If homeopathy is your way, I would suggest you let go of your delusions and placebos and replace it with PROVEN, science based medicine rather than trying to buy into an ancient crock of you-know-what. How can I say it’s a crock? I can say that with confidence due to the utter lack of proof when it comes to these “treatments” having any efficacy at all. Treating with nothing does exactly that – NOTHING. And that is precisely what homeopathy is – a whole bottle full of nothing. I know, modern medicines are awful! They treat things and make people feel better and stuff… Let’s go the “all natural” way and treat things like they used to in the bronze age. Here’s a little fact – there’s a reason people only lived into their 30’s back then and I think you can guess what that reason is.
I don’t know when the idea came about that science and medicine are awful things. Wanna know what’s awful? Disease. And worse yet – watching a loved one die of said disease. But somehow the guys doing all of the research into life-saving and life-improving medicine are the guys that you need to flip the proverbial bird to because they’re the evil ones?
How about the scam artists pretending to be doctors, selling you “medicines” that actually aren’t medicines at all? Those guys will charge you an arm and a leg for a product diluted to the point of having no trace of the original (ineffective) ingredient, but the PHARMA companies are the scam artists?
Nobody’s perfect but the ones who claim to be so are the worst.
Owners of overweight cats need to hear this, and hear it without any type of sugar coating or euphemisms. When I tell you your cat is overweight, it’s because your cat is overweight. I’m not calling you fat, I am not picking on you, and I am not saying you are a bad person.
I can’t stress this enough – it’s not about you. When I make a recommendation for your cat to lose weight, it is only because of the high number of risks associated with overweight cats, much the same as for a human. It’s also because your cat is far too heavy.
People hear these risks so often that I think they’ve become desensitized to it, and therefore complacent when it comes to actually changing it. Even if it may not be something that you take into account for your own daily life, at least do your cat the courtesy of helping them. They depend solely on you for it. A cat doesn’t understand the risks and complications of obesity so it is up to you as their sole caregiver to help them lead a happier, healthier life.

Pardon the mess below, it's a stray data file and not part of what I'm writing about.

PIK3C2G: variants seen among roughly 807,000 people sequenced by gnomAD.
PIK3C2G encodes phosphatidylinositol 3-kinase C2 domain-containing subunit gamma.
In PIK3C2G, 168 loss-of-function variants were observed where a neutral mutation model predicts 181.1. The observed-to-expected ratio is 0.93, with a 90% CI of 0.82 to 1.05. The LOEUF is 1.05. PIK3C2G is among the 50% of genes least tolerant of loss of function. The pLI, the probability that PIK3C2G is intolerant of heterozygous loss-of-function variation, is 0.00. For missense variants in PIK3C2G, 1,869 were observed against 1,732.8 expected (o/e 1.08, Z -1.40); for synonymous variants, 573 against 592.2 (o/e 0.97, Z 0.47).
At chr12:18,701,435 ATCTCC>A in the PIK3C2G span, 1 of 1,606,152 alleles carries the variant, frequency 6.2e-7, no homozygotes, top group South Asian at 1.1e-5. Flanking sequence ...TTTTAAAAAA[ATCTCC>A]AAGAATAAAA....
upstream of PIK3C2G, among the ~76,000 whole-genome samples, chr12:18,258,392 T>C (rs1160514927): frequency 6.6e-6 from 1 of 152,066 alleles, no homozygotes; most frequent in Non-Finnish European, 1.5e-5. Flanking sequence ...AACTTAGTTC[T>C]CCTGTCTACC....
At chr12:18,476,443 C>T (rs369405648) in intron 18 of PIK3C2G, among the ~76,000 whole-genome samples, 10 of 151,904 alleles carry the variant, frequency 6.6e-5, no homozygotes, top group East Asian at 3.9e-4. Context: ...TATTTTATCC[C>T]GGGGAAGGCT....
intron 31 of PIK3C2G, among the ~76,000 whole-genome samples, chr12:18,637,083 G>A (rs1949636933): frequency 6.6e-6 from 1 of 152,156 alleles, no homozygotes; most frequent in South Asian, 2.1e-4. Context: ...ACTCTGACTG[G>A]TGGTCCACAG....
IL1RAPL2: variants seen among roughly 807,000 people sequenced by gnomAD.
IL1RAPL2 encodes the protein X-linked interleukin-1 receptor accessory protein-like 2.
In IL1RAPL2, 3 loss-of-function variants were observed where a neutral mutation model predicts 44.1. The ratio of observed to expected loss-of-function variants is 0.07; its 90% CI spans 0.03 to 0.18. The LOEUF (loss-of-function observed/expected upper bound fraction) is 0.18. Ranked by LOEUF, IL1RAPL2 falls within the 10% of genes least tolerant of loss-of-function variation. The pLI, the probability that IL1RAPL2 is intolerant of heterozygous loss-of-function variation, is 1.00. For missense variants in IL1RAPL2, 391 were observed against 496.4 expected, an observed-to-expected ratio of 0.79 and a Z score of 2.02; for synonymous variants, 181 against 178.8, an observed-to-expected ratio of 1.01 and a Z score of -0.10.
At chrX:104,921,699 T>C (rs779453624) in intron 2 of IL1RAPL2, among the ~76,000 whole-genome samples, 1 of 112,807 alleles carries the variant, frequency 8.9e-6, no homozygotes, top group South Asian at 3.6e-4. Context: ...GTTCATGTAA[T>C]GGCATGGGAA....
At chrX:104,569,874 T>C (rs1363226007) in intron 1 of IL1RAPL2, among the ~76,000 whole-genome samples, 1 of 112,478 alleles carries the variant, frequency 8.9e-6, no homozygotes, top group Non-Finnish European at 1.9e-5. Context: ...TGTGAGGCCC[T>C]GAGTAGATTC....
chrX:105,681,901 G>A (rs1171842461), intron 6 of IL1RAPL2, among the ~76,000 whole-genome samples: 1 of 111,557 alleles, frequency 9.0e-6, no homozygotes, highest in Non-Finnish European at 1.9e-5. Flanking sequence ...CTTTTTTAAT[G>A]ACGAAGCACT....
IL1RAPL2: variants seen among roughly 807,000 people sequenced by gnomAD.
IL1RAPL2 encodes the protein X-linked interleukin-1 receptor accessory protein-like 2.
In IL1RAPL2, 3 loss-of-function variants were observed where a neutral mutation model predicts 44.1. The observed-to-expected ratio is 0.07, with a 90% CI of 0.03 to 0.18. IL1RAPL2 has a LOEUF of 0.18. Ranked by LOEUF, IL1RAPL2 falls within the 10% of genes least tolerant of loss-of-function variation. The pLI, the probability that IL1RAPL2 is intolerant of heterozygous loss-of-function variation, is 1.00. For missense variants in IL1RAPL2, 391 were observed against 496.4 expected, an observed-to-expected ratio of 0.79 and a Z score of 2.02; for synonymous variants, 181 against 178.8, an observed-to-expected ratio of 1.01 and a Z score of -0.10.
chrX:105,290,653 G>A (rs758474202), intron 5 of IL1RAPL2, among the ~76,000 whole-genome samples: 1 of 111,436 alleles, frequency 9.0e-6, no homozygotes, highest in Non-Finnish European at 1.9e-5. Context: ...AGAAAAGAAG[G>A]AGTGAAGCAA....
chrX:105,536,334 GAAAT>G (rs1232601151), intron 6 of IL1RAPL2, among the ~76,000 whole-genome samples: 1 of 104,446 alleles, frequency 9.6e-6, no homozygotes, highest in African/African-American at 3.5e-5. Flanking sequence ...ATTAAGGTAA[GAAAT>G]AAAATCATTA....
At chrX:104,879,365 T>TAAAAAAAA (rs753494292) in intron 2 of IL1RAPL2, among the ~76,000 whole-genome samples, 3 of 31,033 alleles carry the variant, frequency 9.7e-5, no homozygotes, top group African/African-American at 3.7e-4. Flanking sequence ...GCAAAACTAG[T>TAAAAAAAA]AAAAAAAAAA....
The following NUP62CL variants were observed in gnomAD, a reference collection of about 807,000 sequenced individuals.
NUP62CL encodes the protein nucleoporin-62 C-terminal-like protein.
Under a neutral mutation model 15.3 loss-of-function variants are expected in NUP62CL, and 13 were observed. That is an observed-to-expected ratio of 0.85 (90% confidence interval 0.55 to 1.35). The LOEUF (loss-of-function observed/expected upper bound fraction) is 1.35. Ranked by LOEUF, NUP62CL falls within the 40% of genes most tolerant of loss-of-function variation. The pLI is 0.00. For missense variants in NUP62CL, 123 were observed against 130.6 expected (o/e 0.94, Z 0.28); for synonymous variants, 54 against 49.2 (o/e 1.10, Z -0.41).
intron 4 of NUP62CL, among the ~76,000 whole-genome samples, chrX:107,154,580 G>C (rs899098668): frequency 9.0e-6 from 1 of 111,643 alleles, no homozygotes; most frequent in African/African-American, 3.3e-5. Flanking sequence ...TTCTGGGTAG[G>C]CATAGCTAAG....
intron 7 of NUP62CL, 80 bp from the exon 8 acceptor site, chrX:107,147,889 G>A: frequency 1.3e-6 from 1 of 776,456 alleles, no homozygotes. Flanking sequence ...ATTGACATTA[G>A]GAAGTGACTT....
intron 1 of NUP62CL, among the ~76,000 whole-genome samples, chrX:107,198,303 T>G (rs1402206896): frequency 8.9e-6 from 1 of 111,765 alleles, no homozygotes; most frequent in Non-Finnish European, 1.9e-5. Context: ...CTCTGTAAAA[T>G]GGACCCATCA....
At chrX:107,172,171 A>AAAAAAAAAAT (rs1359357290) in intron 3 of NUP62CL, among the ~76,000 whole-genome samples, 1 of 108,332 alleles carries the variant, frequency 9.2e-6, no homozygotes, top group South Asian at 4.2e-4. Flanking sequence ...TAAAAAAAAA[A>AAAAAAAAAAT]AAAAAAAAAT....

How can you tell if your cat is overweight? Look at his head. If it looks tiny in proportion to his body, your cat is too fat. If your cat is over seven kilograms (ish), chances are they are overweight. If your cat can’t lick it’s own ass, it’s too fat. If any of these things apply, you need to take a good look at the way you’re feeding. What may seem like a miniscule amount of food to us can actually be a normal meal for your feline.
It seems that people think that treats and a buffet of food is the key to keeping a kitty healthy and happy. Oh look how cute he is, meowing because he wants more food. Oh look, I’m feeling sad so I am going to get some love from my cat by feeding it some more treats. This is not OK. If you do these things even though it is making your cat rotund, then you should re-think being a cat owner.
You are not making their lives better by giving them all of the food and treats they want – you are contributing to a poor quality of life. You are shortening that life, and making what they have left of it more and more uncomfortable with each pound they gain. Outward signs that your cat may be uncomfortable or feeling effects of obesity are:
Panting (this is NOT normal for a cat and indicates distress)
Unwillingness to climb or jump
Inability to groom properly causing scalding around hind end
Itchy, scaly skin
By inappropriate urination, I mean urinating or defecating outside of the litterbox. Maybe he just can’t fit, or maybe he’s trying to tell you something. A common misconception I hear of on a constant basis is that urinating outside the litter box happens because the cat is unhappy with you, the owner. This is silly and you need to stop thinking this way. While it may seem like they have the capacity for vindication sometimes, this is false. Inappropriate urination is understood to be a behaviour indicative of stress or urinary tract disease. Don’t believe me? Here’s a University who has also said it:
Something in your cat’s world, be it a new person, thing, or even renovations, can trigger these behaviours and getting to the bottom of which one it is can help. It is heartbreaking to see cats being brought in for euthanasia for something like this because the majority of cases can be helped with a little guidance from the vet and effort from the owner. If you have a situation like this, please ask your veterinarian for information first.